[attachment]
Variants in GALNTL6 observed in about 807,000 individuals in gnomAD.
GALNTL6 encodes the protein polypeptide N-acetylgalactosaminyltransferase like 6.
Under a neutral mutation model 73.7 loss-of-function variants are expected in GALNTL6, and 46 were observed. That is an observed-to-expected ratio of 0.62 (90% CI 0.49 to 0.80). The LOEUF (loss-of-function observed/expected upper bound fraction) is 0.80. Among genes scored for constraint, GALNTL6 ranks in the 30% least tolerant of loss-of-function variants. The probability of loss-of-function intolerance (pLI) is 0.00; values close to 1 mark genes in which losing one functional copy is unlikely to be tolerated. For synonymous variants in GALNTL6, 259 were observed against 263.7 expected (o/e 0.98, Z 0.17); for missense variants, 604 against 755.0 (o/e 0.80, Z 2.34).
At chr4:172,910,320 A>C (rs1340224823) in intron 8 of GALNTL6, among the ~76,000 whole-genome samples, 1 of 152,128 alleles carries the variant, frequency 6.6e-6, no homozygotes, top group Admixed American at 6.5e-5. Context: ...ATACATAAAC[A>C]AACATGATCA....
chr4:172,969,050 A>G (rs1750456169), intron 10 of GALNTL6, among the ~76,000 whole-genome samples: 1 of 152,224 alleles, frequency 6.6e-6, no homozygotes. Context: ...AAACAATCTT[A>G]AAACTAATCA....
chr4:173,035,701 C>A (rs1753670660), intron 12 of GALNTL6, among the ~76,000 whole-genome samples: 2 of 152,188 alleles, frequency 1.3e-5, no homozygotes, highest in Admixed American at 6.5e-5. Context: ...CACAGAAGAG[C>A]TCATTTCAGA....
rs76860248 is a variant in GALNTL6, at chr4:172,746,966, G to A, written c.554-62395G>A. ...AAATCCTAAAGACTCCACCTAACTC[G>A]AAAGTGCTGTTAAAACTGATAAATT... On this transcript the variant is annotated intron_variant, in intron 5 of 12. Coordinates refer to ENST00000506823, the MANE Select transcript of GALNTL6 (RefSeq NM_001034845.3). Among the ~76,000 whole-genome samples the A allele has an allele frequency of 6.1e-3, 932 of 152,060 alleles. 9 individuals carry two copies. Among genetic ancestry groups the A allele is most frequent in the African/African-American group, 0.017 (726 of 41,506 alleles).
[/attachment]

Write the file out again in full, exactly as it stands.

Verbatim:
Variants in GALNTL6 observed in about 807,000 individuals in gnomAD.
GALNTL6 encodes the protein polypeptide N-acetylgalactosaminyltransferase like 6.
Under a neutral mutation model 73.7 loss-of-function variants are expected in GALNTL6, and 46 were observed. That is an observed-to-expected ratio of 0.62 (90% CI 0.49 to 0.80). The LOEUF (loss-of-function observed/expected upper bound fraction) is 0.80. Among genes scored for constraint, GALNTL6 ranks in the 30% least tolerant of loss-of-function variants. The probability of loss-of-function intolerance (pLI) is 0.00; values close to 1 mark genes in which losing one functional copy is unlikely to be tolerated. For synonymous variants in GALNTL6, 259 were observed against 263.7 expected (o/e 0.98, Z 0.17); for missense variants, 604 against 755.0 (o/e 0.80, Z 2.34).
At chr4:172,910,320 A>C (rs1340224823) in intron 8 of GALNTL6, among the ~76,000 whole-genome samples, 1 of 152,128 alleles carries the variant, frequency 6.6e-6, no homozygotes, top group Admixed American at 6.5e-5. Context: ...ATACATAAAC[A>C]AACATGATCA....
chr4:172,969,050 A>G (rs1750456169), intron 10 of GALNTL6, among the ~76,000 whole-genome samples: 1 of 152,224 alleles, frequency 6.6e-6, no homozygotes. Context: ...AAACAATCTT[A>G]AAACTAATCA....
chr4:173,035,701 C>A (rs1753670660), intron 12 of GALNTL6, among the ~76,000 whole-genome samples: 2 of 152,188 alleles, frequency 1.3e-5, no homozygotes, highest in Admixed American at 6.5e-5. Context: ...CACAGAAGAG[C>A]TCATTTCAGA....
rs76860248 is a variant in GALNTL6, at chr4:172,746,966, G to A, written c.554-62395G>A. ...AAATCCTAAAGACTCCACCTAACTC[G>A]AAAGTGCTGTTAAAACTGATAAATT... On this transcript the variant is annotated intron_variant, in intron 5 of 12. Coordinates refer to ENST00000506823, the MANE Select transcript of GALNTL6 (RefSeq NM_001034845.3). Among the ~76,000 whole-genome samples the A allele has an allele frequency of 6.1e-3, 932 of 152,060 alleles. 9 individuals carry two copies. Among genetic ancestry groups the A allele is most frequent in the African/African-American group, 0.017 (726 of 41,506 alleles).